Ear to the ground:
“All my first dates start at Applebee’s. I don’t know about the second one, I’ve never had one.”
– Local bachelor lamenting his poor luck in restaurant preferences and love.

Man vs. Worlds
Durango’s man with lungs of steel, ski mountaineer Scott Simmons, is back from his latest conquest.

Simmons and partner, Olympic rower Greg Ruckman, placed 22nd in the SkiMo World Championship Team Relay held Feb. 8 in Pelvoux, France.
A record-setting 210 racers from 23 countries competed in the seventh edition of the Worlds. The events consisted of six races over the course of six days, with the team race being the most prestigious, pitting the world’s elite racers against one another. The event entailed 8,500 feet of climbing on a 15-mile course, with one racer pulling the other during moments of struggle, helping each other during transitions, and keeping each other fed and hydrated during the three-hour ordeal. Teams wear harnesses and carry a special bungee cord to keep pace.

In 2011’s World Championships in Italy, Simmons and Ruckman were the top American team until a crash and broken ski took them out of the top running.

Simmons, who is sponsored by Durang-based Verde PR, shared some race insights on his blog. “A cold start to the race today, -18c. We arrived an hour early for the start and huddled in the car for as long as possible. Typical Euro style, the bathroom was a hole in the ground.”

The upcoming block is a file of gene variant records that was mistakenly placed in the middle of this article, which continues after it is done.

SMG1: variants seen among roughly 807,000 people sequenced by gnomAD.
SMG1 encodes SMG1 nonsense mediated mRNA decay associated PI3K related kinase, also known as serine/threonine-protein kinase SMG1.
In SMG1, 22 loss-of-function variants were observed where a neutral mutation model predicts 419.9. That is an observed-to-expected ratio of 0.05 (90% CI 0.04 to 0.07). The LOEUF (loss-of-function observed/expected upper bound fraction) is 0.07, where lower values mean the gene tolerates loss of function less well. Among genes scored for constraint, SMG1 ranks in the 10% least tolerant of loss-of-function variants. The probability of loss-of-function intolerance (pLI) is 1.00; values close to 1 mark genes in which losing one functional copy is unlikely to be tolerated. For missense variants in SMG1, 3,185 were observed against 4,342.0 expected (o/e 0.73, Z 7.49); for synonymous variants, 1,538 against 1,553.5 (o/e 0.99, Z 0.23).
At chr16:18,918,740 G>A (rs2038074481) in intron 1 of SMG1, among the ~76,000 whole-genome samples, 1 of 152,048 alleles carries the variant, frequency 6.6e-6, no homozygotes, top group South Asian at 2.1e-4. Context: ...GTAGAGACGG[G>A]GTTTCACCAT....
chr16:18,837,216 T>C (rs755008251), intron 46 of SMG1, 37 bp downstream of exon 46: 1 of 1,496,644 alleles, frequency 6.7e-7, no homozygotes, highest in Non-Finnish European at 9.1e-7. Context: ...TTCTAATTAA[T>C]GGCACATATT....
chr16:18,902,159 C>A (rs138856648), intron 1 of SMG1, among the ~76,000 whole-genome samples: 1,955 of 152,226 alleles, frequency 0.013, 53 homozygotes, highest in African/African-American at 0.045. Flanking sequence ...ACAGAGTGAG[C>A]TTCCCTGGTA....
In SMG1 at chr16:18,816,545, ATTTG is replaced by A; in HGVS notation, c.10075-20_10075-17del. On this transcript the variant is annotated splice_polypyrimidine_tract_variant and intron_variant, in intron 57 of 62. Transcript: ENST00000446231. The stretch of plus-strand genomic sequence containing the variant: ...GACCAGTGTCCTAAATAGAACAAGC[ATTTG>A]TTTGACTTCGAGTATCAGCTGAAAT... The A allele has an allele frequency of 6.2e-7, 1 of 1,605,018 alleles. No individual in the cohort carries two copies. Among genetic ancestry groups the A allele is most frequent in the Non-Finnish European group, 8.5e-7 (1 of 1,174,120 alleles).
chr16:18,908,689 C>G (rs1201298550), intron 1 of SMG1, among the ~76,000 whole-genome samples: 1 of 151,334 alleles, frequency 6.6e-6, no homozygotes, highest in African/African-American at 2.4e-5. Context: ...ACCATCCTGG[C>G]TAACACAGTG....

After the 8:45 a.m. start, Team Simmons/Ruckman were the first place North Americans  after 5,000-plus feet of climbing and were in 13th overall at the highpoint of the course. However, the downhills proved more challenging than expected, and they quickly found themselves being passed.  After a “spectacular crash” by Ruckman, the two were passed by fellow Americans, Tom Goth and Andy Dorais (20th) and struggled to catch up.
“We skated hard to catch them and skinned to the line neck and neck to lose by .5 seconds,” wrote Simmons.

Dorais’ blogged about the irony of the final seconds of the race, where he was pitted against his American cohorts.  “It was pretty funny that we’d traveled all this way to end up racing each other.”

The four U.S. mens teams in the race finished 10th, 17th, 20th and 22nd. The U.S. women's team finished in sixth place.